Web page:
Combine that with the general trend toward parts designed for handling and overall performance, the continual decline of attendance at dragstrips and closures, and the large surge in interest and attendance at autocross, open track, and rally type events, and it’s clear the tide is changing. It’s not just our opinion or provincial sphere; when we speak to shops about what they’re building, and what customers are asking about, 99 out of 100 are looking for all-around cars that take corners.
It’s becoming a badge of honor as well. Goodguys Street Machine of the Year competitors are required to run through an autocross course, not a dragstrip, and events like the Optima Ultimate Street Car Invitational are becoming the places to be seen and prove yourself. We can blame OEM manufacturers for this. To be perfectly honest, in stock form, drag racing was really all that muscle cars and hot rods excelled at. OE chassis evolution means that even the lowliest 10-year-old commuter sedan has better dynamics and can out-corner just about anything offered pre-1980.
That has created elevated expectations among hot rodders, most of whom have late-model daily drivers or have at least taken a turn behind the wheel of one. Cruising on vintage suspension that wallows around corners can drain the fun out of cruising in a classic. From our standpoint it seems clear: autocross, road race, and Pro Touring have become the benchmarks for hot rod style and performance.
Does that mean drag racing is uncool? Never! That’s why we built our big-block Ford-powered Project Fox. Low e.t.’s will always equal bragging rights, but we speculate quarter-mile specialized cars will be in the minority in the future. Feel free to email us your thoughts/hate mail!
There’s no doubt that when it comes to making horsepower, it’s never been easier or more plentiful. These days 500 hp is the new 400, and 300 is not even in the game unless it’s a V-6. Some claimed EPA restrictions would be the death of performance, but so far it’s been nothing but onward and upward with a nice helping of good fuel economy on the side. There’s never been a better time in history to be swapping bigger and more powerful modern engines into vintage steel.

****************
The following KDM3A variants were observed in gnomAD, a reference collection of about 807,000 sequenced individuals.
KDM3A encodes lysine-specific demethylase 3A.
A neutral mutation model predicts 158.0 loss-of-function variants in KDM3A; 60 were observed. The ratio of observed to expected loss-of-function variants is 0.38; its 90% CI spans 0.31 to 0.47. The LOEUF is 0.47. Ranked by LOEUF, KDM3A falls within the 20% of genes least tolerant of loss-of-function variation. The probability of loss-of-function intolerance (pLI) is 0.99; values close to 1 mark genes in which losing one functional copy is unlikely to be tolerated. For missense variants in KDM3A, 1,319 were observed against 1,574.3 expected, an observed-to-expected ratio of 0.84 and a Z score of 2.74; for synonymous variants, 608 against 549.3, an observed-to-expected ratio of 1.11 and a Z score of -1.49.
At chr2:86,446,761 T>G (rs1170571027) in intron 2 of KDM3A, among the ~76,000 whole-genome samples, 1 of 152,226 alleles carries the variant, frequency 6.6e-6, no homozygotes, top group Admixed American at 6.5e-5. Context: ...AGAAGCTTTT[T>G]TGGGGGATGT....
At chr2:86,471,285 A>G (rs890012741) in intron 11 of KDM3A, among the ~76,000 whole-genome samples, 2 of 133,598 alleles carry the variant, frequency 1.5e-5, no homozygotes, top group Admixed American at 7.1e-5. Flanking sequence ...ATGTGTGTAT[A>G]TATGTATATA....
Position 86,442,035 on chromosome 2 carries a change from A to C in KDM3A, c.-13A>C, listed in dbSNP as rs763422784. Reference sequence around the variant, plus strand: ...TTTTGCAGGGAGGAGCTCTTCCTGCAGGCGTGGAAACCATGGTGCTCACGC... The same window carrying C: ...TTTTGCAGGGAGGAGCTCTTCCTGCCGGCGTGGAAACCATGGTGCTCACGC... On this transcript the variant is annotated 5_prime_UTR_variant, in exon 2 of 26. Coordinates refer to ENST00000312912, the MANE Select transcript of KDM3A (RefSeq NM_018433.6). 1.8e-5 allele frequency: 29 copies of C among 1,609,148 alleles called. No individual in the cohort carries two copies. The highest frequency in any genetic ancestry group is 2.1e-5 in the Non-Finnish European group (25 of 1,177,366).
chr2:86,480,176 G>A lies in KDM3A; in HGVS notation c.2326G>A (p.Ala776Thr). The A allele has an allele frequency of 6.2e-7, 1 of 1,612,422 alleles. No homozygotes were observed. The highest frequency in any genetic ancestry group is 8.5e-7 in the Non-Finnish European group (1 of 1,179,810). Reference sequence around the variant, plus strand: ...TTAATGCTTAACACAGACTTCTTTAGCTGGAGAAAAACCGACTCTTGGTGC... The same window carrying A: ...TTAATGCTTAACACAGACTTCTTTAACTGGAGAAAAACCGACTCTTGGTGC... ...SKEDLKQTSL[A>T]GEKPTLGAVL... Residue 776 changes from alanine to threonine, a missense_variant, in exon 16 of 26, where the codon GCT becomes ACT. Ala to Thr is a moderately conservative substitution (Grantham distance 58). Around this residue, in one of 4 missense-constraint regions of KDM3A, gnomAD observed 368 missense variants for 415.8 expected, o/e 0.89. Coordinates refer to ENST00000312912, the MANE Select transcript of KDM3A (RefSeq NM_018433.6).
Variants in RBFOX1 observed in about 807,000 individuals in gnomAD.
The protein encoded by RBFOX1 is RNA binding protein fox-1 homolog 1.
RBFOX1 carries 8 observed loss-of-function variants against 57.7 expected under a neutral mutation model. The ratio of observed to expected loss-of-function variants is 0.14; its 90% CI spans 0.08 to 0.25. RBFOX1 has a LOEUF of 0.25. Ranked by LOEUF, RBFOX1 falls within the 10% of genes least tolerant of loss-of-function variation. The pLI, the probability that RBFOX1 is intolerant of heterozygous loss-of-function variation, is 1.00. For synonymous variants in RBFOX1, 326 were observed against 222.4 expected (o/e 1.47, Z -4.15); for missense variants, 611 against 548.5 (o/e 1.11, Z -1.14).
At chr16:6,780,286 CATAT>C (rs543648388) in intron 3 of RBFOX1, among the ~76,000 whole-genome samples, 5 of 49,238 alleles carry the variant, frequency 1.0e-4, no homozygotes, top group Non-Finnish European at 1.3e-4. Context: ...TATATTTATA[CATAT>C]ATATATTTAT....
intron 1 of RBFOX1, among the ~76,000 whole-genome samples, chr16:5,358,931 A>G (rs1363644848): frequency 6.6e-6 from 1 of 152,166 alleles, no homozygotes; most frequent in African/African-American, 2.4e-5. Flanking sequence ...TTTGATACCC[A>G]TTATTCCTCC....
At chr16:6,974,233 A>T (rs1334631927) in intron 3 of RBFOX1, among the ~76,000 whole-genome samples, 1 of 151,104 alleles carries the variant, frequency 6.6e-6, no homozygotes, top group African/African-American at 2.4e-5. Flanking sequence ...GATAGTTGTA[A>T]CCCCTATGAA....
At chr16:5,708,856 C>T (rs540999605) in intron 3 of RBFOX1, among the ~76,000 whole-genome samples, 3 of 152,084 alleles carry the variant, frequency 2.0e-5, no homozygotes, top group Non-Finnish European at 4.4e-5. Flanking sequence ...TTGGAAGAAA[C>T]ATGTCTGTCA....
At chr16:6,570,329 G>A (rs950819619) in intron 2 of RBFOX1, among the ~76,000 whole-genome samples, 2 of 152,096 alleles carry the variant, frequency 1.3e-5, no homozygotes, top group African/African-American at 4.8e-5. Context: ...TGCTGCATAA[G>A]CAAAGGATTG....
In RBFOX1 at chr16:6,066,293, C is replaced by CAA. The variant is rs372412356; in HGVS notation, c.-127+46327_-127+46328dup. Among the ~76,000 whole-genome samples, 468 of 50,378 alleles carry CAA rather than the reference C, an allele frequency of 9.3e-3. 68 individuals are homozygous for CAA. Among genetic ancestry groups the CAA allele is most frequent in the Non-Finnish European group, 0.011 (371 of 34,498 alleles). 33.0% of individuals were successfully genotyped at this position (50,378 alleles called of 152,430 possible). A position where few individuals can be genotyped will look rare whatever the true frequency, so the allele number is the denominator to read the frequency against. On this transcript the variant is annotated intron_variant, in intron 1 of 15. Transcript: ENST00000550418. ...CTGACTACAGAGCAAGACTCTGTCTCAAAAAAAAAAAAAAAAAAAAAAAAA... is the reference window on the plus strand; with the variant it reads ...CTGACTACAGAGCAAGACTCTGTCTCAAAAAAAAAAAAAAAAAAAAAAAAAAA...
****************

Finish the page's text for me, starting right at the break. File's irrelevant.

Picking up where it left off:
Actually, those same emissions regulations have led to a heretofore unheard of move from an OEM manufacturer: GM’s E-Rod program. Smog-era malaise is a now a nonissue, since a properly installed E-Rod provides a clear path to 430 naturally aspirated horsepower that idles peaceably, gets respectable mileage, and blows EPA-approved air from the pipes. We took that path for our EcoNova project with an LS3 package straight from GM’s Corvette assembly line. Can you say perfect daily driver muscle car?
Want more? We’ve even heard of rumblings about homologating certain 50-state parts from the Camaro to also be legal on E-Rod swaps when properly installed, since there’s effectively no difference beyond the wrapper. Yes, that could mean emissions-legal blowers and turbos in muscle cars. Packages like the E-Rod (and a similar program that may eventually be offered through Ford Racing based on the Coyote) will be important assets down the road as emissions regulations get more restrictive. Even more importantly, the fact that these programs even exist and are getting OEM support represents an important shift in how the hobby is being viewed by the outside world.